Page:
Dubai Gets a Taste of Fereydoun Ave | Two Events at Same Time for a Global Citizen
Because of the particular conditions in Iran, Fereydoun Ave was more than just an artist; he also acted as a bridge that opened up new avenues to prior generations of Iranian art.
ArtDayME: Fereydoun Ave is well-known for his paintings, sculptures, and collages, but he is more than just an artist. He became a bridge that has provided new avenues for contemporary Iranian artistic generations due to the unique circumstances of Iran.
He has actually been showcasing examples of modern Iranian art to the globe for nearly three decades, ever since the 1990s, when no one was aware of it. When you consider that Iran did not have extensive internet access until the 2000s, you'll understand the importance of his outstanding effort..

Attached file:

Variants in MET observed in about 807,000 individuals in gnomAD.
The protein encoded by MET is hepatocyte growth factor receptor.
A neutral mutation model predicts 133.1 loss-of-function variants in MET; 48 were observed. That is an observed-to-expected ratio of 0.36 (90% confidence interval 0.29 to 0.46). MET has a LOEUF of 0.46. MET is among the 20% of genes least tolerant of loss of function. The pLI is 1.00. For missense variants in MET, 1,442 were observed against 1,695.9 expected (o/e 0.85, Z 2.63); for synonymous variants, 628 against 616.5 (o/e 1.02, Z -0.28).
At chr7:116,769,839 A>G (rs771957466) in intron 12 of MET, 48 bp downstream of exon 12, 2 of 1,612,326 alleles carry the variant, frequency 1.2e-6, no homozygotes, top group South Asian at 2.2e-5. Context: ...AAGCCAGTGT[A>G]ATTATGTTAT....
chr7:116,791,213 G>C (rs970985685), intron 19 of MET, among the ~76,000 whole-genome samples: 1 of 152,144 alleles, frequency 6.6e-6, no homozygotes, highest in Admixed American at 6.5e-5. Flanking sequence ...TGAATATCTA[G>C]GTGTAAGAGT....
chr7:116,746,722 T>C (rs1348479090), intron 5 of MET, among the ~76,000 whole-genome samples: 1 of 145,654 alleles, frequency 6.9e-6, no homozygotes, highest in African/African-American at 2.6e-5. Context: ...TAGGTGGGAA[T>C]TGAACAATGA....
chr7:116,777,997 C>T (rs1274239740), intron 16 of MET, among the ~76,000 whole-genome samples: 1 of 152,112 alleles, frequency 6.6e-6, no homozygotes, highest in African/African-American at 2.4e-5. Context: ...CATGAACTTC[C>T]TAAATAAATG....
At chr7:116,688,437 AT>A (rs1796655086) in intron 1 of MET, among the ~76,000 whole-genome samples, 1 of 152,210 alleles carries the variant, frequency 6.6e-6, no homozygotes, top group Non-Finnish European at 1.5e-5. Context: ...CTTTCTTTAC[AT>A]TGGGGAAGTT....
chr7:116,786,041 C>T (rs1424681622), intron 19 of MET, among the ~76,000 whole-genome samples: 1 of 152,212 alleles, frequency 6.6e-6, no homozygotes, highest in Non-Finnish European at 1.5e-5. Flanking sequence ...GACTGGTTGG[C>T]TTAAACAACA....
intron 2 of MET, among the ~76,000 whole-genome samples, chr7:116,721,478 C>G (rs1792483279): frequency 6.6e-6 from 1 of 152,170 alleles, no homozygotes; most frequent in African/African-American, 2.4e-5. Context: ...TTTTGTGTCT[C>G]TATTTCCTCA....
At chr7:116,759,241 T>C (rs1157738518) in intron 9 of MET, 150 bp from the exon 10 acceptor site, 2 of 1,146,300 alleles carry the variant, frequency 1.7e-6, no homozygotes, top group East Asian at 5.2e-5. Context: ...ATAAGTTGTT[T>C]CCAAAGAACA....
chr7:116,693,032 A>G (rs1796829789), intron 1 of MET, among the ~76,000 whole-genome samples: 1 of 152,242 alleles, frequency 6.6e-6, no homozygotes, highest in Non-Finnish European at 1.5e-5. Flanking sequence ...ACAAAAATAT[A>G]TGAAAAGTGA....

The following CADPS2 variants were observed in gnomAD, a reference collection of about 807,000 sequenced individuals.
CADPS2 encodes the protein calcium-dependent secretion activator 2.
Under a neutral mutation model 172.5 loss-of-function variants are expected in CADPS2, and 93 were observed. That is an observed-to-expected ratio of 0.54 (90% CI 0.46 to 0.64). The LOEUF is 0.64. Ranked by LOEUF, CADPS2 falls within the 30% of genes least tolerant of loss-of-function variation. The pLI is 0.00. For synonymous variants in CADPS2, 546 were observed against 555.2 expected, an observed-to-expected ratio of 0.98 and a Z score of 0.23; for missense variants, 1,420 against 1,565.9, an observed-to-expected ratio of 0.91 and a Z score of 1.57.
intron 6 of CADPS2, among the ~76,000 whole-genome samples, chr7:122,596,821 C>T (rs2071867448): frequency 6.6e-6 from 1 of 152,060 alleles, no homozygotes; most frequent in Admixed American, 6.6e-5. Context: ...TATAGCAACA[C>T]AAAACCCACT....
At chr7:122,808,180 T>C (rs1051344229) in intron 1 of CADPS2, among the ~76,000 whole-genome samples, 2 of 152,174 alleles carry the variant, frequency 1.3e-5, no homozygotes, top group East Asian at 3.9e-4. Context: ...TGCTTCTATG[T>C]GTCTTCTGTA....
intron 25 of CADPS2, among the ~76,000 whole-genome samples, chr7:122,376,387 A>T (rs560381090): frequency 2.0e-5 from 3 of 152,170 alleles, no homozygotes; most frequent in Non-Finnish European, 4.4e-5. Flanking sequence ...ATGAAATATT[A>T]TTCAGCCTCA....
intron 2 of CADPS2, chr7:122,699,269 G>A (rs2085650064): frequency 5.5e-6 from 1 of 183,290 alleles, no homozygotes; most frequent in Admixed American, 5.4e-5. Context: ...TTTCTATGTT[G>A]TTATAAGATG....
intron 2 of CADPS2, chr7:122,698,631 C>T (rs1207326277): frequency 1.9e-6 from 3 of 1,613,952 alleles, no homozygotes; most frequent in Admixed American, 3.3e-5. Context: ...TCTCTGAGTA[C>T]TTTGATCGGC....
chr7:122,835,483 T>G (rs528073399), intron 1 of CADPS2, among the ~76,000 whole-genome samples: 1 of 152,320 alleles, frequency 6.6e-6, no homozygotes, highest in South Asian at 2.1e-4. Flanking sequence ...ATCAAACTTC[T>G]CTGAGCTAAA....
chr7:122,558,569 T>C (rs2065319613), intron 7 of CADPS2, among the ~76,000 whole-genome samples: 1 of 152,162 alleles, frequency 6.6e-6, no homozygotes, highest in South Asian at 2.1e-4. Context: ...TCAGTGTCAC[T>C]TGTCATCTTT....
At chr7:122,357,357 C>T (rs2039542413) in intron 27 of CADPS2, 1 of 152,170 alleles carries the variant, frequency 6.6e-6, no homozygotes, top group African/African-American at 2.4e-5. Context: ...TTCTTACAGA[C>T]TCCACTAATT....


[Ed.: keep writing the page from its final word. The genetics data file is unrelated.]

Ave has produced some excellent works of art, but he has also advanced the discipline as an art director. In a broader sense, he has actually given the world a new, growing perception of the Middle East by redefining Iranian modern art. He holds a prestigious place in Middle Eastern and worldwide art as a result of his vast activities and his important role for discovering modern artists.
Due to this, these days two exhibitions of Fereydoun Ave have been held in Dubai, each of which brings together a part of his magnificent works in two distinct places.